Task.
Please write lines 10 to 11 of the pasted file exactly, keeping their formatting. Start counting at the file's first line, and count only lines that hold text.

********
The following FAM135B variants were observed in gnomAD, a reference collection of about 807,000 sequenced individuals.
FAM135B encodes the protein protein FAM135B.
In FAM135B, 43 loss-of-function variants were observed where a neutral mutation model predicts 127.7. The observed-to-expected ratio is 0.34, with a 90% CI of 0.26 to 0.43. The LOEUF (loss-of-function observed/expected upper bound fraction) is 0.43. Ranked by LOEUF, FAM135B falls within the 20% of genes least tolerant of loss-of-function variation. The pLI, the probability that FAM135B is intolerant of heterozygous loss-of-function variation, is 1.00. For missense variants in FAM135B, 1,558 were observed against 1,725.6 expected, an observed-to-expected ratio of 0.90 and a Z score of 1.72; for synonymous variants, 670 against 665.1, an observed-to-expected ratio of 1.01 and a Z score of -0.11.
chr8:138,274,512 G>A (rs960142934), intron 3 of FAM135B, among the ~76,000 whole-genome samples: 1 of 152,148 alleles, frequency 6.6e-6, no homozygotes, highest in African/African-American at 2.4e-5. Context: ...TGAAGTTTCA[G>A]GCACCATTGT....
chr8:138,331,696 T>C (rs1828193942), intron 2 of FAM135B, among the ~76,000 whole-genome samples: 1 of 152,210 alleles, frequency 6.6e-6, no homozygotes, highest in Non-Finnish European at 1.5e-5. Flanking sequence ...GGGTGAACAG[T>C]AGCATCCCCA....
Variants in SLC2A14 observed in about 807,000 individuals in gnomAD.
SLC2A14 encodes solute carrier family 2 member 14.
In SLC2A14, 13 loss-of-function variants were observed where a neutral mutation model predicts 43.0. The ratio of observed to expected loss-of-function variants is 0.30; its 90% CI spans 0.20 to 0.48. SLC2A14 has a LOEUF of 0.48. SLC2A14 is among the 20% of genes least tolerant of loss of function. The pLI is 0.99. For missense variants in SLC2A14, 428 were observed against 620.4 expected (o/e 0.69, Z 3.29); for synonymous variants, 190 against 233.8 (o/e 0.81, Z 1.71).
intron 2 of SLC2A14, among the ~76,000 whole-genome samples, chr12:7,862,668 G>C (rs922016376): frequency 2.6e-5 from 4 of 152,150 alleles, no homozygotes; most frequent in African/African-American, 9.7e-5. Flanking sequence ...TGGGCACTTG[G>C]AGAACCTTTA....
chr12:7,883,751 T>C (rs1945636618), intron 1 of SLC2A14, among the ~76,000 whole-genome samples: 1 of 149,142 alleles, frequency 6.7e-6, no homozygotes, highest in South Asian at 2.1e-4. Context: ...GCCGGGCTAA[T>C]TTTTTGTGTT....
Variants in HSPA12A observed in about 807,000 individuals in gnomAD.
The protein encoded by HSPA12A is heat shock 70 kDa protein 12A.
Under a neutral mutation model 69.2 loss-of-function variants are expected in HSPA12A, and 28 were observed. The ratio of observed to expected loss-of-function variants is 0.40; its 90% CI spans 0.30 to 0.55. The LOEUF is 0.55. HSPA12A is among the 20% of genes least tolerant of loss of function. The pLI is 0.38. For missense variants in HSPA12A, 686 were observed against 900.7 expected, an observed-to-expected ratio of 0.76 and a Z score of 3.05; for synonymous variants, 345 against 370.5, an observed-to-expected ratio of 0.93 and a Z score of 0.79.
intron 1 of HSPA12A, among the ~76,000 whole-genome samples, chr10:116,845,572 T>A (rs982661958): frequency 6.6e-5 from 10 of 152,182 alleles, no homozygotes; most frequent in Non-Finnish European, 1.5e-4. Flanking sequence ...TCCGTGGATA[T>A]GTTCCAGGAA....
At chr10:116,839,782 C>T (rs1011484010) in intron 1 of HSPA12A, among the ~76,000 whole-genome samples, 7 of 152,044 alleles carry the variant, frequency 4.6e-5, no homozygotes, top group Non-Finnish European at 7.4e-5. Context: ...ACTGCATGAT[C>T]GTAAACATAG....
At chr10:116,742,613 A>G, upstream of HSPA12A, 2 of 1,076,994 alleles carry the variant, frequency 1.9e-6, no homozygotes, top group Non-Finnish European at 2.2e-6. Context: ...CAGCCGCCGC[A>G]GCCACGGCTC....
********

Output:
chr12:7,883,751 T>C (rs1945636618), intron 1 of SLC2A14, among the ~76,000 whole-genome samples: 1 of 149,142 alleles, frequency 6.7e-6, no homozygotes, highest in South Asian at 2.1e-4. Context: ...GCCGGGCTAA[T>C]TTTTTGTGTT....
Variants in HSPA12A observed in about 807,000 individuals in gnomAD.